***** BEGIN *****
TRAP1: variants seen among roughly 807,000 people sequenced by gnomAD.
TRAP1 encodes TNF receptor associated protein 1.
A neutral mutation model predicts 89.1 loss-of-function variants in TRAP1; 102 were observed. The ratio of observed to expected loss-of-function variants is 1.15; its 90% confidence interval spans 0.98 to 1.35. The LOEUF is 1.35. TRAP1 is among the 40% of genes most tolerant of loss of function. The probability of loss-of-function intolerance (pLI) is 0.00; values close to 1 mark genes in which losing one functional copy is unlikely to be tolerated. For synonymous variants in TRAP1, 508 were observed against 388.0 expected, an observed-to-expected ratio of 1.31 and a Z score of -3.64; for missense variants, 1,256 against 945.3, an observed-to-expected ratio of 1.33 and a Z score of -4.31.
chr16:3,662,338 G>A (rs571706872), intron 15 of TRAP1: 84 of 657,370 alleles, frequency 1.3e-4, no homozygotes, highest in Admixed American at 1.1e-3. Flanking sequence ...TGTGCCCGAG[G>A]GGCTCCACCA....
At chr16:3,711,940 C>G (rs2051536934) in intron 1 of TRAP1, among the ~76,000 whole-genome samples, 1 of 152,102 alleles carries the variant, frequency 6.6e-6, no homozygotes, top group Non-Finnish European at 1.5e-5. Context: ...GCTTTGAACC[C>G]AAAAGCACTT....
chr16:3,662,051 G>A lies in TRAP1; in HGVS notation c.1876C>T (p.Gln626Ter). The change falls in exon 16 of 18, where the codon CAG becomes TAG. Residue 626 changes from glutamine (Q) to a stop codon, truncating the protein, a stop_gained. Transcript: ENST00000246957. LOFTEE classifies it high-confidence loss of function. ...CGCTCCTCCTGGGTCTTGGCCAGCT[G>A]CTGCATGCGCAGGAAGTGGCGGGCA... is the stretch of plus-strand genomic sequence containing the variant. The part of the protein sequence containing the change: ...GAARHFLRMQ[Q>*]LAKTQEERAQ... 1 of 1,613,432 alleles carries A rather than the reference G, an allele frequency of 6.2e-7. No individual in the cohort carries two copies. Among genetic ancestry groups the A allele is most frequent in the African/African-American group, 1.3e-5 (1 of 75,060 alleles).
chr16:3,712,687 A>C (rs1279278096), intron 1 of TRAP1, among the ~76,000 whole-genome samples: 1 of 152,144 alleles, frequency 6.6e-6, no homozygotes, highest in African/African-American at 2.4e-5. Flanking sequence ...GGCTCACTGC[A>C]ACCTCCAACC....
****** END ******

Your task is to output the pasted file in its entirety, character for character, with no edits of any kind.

TRAP1: variants seen among roughly 807,000 people sequenced by gnomAD.
TRAP1 encodes TNF receptor associated protein 1.
A neutral mutation model predicts 89.1 loss-of-function variants in TRAP1; 102 were observed. The ratio of observed to expected loss-of-function variants is 1.15; its 90% confidence interval spans 0.98 to 1.35. The LOEUF is 1.35. TRAP1 is among the 40% of genes most tolerant of loss of function. The probability of loss-of-function intolerance (pLI) is 0.00; values close to 1 mark genes in which losing one functional copy is unlikely to be tolerated. For synonymous variants in TRAP1, 508 were observed against 388.0 expected, an observed-to-expected ratio of 1.31 and a Z score of -3.64; for missense variants, 1,256 against 945.3, an observed-to-expected ratio of 1.33 and a Z score of -4.31.
chr16:3,662,338 G>A (rs571706872), intron 15 of TRAP1: 84 of 657,370 alleles, frequency 1.3e-4, no homozygotes, highest in Admixed American at 1.1e-3. Flanking sequence ...TGTGCCCGAG[G>A]GGCTCCACCA....
At chr16:3,711,940 C>G (rs2051536934) in intron 1 of TRAP1, among the ~76,000 whole-genome samples, 1 of 152,102 alleles carries the variant, frequency 6.6e-6, no homozygotes, top group Non-Finnish European at 1.5e-5. Context: ...GCTTTGAACC[C>G]AAAAGCACTT....
chr16:3,662,051 G>A lies in TRAP1; in HGVS notation c.1876C>T (p.Gln626Ter). The change falls in exon 16 of 18, where the codon CAG becomes TAG. Residue 626 changes from glutamine (Q) to a stop codon, truncating the protein, a stop_gained. Transcript: ENST00000246957. LOFTEE classifies it high-confidence loss of function. ...CGCTCCTCCTGGGTCTTGGCCAGCT[G>A]CTGCATGCGCAGGAAGTGGCGGGCA... is the stretch of plus-strand genomic sequence containing the variant. The part of the protein sequence containing the change: ...GAARHFLRMQ[Q>*]LAKTQEERAQ... 1 of 1,613,432 alleles carries A rather than the reference G, an allele frequency of 6.2e-7. No individual in the cohort carries two copies. Among genetic ancestry groups the A allele is most frequent in the African/African-American group, 1.3e-5 (1 of 75,060 alleles).
chr16:3,712,687 A>C (rs1279278096), intron 1 of TRAP1, among the ~76,000 whole-genome samples: 1 of 152,144 alleles, frequency 6.6e-6, no homozygotes, highest in African/African-American at 2.4e-5. Flanking sequence ...GGCTCACTGC[A>C]ACCTCCAACC....